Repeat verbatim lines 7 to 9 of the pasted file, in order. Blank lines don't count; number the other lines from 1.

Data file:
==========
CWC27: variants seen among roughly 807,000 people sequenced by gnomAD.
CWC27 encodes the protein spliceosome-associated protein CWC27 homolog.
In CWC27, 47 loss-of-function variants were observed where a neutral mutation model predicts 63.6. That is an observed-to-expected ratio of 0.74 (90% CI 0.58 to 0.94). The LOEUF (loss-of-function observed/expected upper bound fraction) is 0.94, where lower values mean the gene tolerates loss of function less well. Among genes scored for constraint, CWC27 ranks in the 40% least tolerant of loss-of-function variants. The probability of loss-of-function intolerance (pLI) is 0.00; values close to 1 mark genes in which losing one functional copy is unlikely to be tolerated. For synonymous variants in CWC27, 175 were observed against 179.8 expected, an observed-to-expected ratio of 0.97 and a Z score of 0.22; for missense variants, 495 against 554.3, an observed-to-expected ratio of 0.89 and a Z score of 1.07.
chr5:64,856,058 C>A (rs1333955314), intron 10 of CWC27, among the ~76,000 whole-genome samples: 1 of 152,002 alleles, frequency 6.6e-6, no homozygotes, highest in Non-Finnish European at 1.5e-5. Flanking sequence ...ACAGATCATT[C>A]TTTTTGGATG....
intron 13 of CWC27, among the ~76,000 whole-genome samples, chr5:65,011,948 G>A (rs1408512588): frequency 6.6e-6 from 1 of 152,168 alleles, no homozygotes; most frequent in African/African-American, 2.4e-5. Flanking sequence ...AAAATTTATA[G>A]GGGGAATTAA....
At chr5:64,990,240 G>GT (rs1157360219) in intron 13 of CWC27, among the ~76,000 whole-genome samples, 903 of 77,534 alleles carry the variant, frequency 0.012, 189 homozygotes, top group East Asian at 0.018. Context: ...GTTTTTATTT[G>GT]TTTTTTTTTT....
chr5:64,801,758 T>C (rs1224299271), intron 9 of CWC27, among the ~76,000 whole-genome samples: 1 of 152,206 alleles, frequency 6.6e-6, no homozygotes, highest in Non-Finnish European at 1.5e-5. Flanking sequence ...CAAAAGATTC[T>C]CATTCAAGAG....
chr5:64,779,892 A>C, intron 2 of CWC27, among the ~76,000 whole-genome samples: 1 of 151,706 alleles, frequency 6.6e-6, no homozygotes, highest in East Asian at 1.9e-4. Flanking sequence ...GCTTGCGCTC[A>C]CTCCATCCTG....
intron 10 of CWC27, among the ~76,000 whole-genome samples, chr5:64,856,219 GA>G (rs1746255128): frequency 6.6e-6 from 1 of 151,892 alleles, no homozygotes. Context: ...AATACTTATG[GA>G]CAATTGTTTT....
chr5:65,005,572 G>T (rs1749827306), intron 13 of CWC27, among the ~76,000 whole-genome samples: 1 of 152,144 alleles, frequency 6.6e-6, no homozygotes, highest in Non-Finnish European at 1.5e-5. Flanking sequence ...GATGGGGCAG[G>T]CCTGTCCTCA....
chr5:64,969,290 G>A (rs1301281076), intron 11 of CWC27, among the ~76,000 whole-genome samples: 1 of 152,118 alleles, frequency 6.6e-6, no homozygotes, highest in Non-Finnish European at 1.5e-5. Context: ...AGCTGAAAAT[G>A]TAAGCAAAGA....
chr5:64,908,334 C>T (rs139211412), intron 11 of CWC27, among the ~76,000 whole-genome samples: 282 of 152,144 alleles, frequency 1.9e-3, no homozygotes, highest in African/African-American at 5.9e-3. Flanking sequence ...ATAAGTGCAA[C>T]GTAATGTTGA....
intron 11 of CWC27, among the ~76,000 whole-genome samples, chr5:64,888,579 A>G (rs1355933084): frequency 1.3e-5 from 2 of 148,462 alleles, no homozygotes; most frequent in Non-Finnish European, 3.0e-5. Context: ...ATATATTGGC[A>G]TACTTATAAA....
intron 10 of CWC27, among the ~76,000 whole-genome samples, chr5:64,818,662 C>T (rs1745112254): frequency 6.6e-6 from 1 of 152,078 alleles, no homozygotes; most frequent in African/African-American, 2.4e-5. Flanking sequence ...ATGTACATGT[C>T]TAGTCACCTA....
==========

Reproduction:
chr5:64,801,758 T>C (rs1224299271), intron 9 of CWC27, among the ~76,000 whole-genome samples: 1 of 152,206 alleles, frequency 6.6e-6, no homozygotes, highest in Non-Finnish European at 1.5e-5. Flanking sequence ...CAAAAGATTC[T>C]CATTCAAGAG....
chr5:64,779,892 A>C, intron 2 of CWC27, among the ~76,000 whole-genome samples: 1 of 151,706 alleles, frequency 6.6e-6, no homozygotes, highest in East Asian at 1.9e-4. Flanking sequence ...GCTTGCGCTC[A>C]CTCCATCCTG....
intron 10 of CWC27, among the ~76,000 whole-genome samples, chr5:64,856,219 GA>G (rs1746255128): frequency 6.6e-6 from 1 of 151,892 alleles, no homozygotes. Context: ...AATACTTATG[GA>G]CAATTGTTTT....